Since the modern zombie is a combination of several creature archetypes from Western literature how did these creations amalgamate into the modern mythology? George Romero most certainly did not create his zombie creations out of whole cloth. His zombies have a very distinct Hollywood linage. White Zombie released in 1932 is the first zombie film. It depicts the traditional Voodoo zombie controlled by an evil bokor in this case played by Bela Lugos. Lugusi plays Murder Legendre who is a white bokor controlling zombies that work on his plantation. In a way this movie is a social commentary on the evils of slavery which ties into later zombie films which often have social commentary at their core. White Zombie is important because it set the stage for the look and feel of zombies in movie. The shambling dead eyes and even a hatred for the living that the dead exhibit in the movie translates to later work that would make the zombie less controllable and more menacing.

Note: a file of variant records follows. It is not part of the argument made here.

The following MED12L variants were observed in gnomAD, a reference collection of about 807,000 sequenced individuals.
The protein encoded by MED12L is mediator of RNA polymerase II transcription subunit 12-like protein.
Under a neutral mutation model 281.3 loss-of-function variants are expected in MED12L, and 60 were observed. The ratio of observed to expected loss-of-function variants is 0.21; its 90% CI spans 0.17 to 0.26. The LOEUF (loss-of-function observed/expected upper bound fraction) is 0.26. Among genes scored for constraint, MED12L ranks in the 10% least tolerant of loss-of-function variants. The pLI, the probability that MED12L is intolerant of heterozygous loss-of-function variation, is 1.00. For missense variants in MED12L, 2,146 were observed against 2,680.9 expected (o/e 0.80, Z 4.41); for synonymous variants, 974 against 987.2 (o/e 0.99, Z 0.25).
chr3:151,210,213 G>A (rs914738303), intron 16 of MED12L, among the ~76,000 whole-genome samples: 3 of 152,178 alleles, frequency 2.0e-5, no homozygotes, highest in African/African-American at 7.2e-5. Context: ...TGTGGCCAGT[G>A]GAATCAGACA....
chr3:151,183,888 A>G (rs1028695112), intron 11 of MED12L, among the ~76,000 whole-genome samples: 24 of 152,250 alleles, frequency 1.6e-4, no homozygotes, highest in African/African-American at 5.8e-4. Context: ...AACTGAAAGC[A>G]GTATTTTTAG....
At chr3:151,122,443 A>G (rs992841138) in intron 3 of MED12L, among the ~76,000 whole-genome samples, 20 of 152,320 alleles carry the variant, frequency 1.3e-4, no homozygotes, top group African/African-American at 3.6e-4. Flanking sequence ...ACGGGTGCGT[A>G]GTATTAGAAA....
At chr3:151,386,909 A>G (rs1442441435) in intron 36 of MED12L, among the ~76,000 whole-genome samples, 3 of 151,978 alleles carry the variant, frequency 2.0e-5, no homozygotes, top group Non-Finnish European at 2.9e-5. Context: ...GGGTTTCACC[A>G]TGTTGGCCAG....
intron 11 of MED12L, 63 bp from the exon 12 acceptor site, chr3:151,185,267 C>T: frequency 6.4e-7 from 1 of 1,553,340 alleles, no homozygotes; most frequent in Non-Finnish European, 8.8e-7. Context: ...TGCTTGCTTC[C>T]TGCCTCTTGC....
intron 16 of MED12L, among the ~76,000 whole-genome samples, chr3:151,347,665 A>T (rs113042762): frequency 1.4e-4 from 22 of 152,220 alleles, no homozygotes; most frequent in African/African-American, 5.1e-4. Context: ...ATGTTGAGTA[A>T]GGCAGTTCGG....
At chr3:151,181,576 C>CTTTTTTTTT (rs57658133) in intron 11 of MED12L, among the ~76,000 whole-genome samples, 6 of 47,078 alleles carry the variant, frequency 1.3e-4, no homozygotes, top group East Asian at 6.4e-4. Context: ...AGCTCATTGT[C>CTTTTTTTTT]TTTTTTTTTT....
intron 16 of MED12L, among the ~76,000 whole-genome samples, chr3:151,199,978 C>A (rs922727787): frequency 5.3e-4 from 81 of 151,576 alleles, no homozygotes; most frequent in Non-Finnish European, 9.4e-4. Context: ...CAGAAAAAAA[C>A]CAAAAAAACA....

The modern zombie would never have developed without the work done by Richard Matheson in the book I am Legend which was published in 1954 and the movie made from the book called The Last Man on Earth starring Vincent Prince in 1964. The film was released just four years before Romero was to film Night of the Living Dead and it is without a doubt a direct precursor to both Night of the Living Dead and Dawn of the Dead. Matheson’s book and later movie depict a world that has been wiped out by a virulent virus. The virus kills most people but others it transforms into what are essentially vampires. The vampires have all the classic weaknesses. They can only come out at night, they are allergic to garlic, they can’t stand to see their reflection in mirrors, and they must be staked in the heart and then burned. These are not however the classic vampires in another sense. They are weak and slow. They shamble about exactly how you would expect a modern zombie to do. They do have a limited intelligence and can speak at times, but this seems to be an exception that only certain undead possess. The movie and the book are also social commentary. You discover at the end that not all the vampires are evil and that many of the vampires that the main character hunts down and kills during the day are actually fully human but suffering from vampirism. The moral of the story is a thinly veiled attempt at addressing racism. With his work Matheson sets up almost all the factors you will see in the future concerning zombie films. His work explores contagion, social commentary, post apocalypse living conditions, undead hordes attacking people who have walled themselves off from the outside, and isolation. Isolation is almost certainly the cure to infection but it is also a prelude to fear. Who is to be trusted? Matheson packs all this into his work.